Key Points:

Schools are bracing themselves for a drop in funding as parents feel the pinch of rising food and petrol prices.

Principals say the economic downturn has led to a fall in the payment of "voluntary" donations for running costs. And some are threatening to boycott a new Government education plan until funding problems are ironed out. But Education Minister Chris Carter has told schools to "stop moaning and start teaching".

The North Shore Principals Association last week withdrew support for the Government's Schools Plus scheme, designed to keep Kiwis in education or training until they were 18. It said 21 Government initiatives were not being fully funded and the new demands were putting extra pressure on schools to secure so-called donations, when many families could least afford them.

A Herald on Sunday survey of schools across the North Island showed the amount schools asked for varied. Only one school requested no donation - decile-2 Mangere Central School, in South Auckland. Decile-10 Auckland Grammar wanted the most, $810 a pupil.

Decile-10 Rangitoto College, the country's biggest school, has increased its donation by about a third over the past four years to $250.

Pinehill School, a North Shore decile-10 primary, charges $160 a year a child, generating $60,000 in income.

"Whenever the economy tightens we notice more parents exercising the right to not pay the donation," said principal Julien LeSueur.

Murray's Bay, another decile-10 North Shore primary school, asks for $190 a year. Principal Ken Pemberton said he was lucky about 90 per cent paid because the school relied on the money. "It's one of the most dishonest things the Government's doing, saying education is free. We are having to fund more and more."

Decile-10 Howick College in East Auckland has seen its income from donations drop by 20 per cent since April last year to $166,000.

Alan McIntyre, the principal of another Howick school, decile-9 Owairoa Primary, said in the past five years no more than 69 per cent of parents had paid the $220 donation.

Fairfield Intermediate in Hamilton asks parents for just $50 a child, but only about a third pay.

"We've got to get the rest ourselves," said principal Bill Noble, who is also president of the Association of Intermediate and Middle Schools.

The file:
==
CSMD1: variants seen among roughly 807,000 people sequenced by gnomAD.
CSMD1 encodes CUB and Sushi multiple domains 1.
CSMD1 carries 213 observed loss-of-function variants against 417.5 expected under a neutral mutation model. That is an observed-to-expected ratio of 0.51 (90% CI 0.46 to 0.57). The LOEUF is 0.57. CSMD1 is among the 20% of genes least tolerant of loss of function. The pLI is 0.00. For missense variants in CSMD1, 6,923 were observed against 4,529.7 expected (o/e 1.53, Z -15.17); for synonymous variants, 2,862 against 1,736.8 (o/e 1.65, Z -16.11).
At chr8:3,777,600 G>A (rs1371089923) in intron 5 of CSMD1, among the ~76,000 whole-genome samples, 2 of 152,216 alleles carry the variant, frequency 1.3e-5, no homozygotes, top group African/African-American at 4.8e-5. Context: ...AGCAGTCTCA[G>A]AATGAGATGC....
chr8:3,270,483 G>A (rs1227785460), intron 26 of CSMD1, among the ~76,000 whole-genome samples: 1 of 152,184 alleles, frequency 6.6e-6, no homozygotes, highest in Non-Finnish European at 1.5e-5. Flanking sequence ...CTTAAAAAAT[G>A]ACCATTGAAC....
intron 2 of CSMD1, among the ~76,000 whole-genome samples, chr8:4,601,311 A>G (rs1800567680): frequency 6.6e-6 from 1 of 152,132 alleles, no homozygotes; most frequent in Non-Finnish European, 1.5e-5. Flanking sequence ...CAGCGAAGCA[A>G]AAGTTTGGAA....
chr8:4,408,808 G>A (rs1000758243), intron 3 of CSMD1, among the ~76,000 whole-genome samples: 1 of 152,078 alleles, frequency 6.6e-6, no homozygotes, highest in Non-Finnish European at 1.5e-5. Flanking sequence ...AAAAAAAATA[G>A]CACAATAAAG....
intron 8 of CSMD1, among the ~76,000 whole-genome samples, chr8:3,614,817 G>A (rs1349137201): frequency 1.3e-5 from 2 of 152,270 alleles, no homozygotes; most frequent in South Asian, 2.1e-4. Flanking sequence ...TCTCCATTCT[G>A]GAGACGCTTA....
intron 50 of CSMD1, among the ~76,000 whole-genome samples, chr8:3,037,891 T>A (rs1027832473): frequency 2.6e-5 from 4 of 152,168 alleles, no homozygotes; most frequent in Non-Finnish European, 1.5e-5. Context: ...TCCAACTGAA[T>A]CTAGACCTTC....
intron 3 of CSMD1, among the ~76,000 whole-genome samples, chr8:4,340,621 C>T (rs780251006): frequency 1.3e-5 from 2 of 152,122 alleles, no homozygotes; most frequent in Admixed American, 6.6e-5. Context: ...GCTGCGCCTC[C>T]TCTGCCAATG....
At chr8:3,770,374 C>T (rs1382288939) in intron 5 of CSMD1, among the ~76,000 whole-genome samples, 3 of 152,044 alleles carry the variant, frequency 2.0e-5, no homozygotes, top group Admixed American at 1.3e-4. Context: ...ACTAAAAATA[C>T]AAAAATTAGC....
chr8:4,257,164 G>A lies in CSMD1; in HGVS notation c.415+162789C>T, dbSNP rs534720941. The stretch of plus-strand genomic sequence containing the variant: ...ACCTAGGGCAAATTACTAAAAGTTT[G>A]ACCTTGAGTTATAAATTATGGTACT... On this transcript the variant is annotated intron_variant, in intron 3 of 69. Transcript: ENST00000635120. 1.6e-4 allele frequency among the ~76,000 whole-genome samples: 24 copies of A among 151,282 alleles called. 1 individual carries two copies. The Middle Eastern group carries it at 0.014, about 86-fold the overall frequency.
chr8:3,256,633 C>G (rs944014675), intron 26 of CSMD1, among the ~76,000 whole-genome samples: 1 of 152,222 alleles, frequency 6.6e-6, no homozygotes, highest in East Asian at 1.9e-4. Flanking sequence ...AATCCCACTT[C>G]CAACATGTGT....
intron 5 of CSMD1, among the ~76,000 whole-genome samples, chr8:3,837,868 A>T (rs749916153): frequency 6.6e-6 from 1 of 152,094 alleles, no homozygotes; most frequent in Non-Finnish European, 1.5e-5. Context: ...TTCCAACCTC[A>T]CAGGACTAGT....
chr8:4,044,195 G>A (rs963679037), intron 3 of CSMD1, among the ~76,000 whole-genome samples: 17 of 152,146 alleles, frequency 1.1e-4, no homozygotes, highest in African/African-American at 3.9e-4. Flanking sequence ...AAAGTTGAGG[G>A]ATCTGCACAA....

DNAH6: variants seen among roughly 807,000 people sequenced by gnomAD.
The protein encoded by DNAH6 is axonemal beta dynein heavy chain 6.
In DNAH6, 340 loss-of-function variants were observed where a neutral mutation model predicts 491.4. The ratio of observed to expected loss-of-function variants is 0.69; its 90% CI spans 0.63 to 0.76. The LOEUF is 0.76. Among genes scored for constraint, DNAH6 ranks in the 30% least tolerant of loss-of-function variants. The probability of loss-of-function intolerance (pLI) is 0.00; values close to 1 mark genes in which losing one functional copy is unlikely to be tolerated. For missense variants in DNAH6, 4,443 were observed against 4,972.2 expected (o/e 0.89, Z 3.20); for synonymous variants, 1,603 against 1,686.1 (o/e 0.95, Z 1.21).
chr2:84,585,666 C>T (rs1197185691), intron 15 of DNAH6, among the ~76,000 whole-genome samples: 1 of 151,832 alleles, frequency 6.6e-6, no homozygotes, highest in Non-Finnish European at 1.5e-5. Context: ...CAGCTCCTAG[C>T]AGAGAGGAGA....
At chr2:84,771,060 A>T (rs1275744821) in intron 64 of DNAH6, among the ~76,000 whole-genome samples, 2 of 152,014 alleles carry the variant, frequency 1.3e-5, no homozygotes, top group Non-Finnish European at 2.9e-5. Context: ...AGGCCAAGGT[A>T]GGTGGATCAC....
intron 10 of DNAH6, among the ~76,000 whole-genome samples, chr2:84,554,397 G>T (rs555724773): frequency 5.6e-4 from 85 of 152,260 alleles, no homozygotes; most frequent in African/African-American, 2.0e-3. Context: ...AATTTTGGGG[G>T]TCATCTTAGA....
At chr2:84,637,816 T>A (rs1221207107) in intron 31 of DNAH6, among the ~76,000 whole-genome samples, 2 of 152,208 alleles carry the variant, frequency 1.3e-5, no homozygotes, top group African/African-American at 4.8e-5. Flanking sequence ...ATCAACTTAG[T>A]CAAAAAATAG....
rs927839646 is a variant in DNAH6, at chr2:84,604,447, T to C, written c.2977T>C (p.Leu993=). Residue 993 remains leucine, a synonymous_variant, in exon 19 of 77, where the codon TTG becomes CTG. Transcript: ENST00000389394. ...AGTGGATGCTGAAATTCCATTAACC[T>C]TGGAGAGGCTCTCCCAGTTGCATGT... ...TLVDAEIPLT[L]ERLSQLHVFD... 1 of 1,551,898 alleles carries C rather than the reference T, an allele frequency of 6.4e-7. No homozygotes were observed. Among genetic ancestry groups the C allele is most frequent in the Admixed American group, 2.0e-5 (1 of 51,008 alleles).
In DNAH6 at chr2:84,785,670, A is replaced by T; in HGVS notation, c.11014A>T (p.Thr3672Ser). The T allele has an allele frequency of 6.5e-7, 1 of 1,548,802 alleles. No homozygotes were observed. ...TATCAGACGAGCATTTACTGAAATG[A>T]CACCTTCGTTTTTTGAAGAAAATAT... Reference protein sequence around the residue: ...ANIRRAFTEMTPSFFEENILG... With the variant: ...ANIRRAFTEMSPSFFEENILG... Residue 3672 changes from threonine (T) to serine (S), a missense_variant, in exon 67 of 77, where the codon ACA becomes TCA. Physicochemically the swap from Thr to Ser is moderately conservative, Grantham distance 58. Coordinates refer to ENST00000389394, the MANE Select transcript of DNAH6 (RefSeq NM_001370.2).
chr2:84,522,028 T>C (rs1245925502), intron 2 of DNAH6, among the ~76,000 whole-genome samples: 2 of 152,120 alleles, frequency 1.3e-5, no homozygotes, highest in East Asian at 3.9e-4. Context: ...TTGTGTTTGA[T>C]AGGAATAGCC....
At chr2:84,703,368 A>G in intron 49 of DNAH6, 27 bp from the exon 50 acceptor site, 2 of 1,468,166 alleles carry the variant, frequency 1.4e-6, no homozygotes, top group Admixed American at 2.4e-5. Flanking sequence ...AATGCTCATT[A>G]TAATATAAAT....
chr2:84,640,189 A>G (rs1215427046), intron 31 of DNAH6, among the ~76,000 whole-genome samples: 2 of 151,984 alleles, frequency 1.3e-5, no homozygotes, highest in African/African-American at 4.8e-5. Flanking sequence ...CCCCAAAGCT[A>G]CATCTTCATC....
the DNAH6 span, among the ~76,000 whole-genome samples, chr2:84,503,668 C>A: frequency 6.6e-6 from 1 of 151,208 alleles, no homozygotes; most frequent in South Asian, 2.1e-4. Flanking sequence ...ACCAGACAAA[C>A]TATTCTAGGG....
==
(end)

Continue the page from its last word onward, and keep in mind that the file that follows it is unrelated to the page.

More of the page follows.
"You can't cut back on mowing the lawns, you can't cut back on the cleaning of the schools, you can't cut back on the amount of loo paper that you buy, but you can cut back on the books you buy for the library."

Principal of Tauranga's decile-8 Otumoetai College, Dave Randell, said about half his pupils would usually have paid their donation by June. This year only a third had.

Owen Alexander, principal of North Shore decile-9 Takapuna Normal school and Auckland Primary Principals Association president, called for a Government rethink. "The model we're using to fund education is not working."

Carter said the Government had put $5 billion into education since 1999. This year's amount was 4.4 per cent of the gross domestic product, compared with 3.5 per cent in Australia.

"Every school is adequately funded but schools choose to raise funds from their community," he said. "Some principals are being, I won't say dishonest, but disingenuous when claiming half of their funds come from the community.

"It gets to a time when you've got to stop moaning and start teaching."

Cost of classes

Mother-of-three Angela Palmer accepts school costs are a fact of life.

Her children - Jarvis, 11, Oona, 9 and Milo, 7 - all go to Auckland primary Balmoral School, at a combined cost of $600 a year.

With extras such as sport and stationery, Palmer believes that rises to about $1000 all up.

"That's affordable education in this country."

Palmer, who manages the Parnell branch of Ray White Real Estate, said it was important to pay. "I guess it depends on what you value. I would rather pay the school fees and sacrifice something else. "

But she accepted that other families might not be so lucky. "Life has got more expensive by the minute, I think everyone feels that. There are some people who genuinely can't pay and won't be able to pay."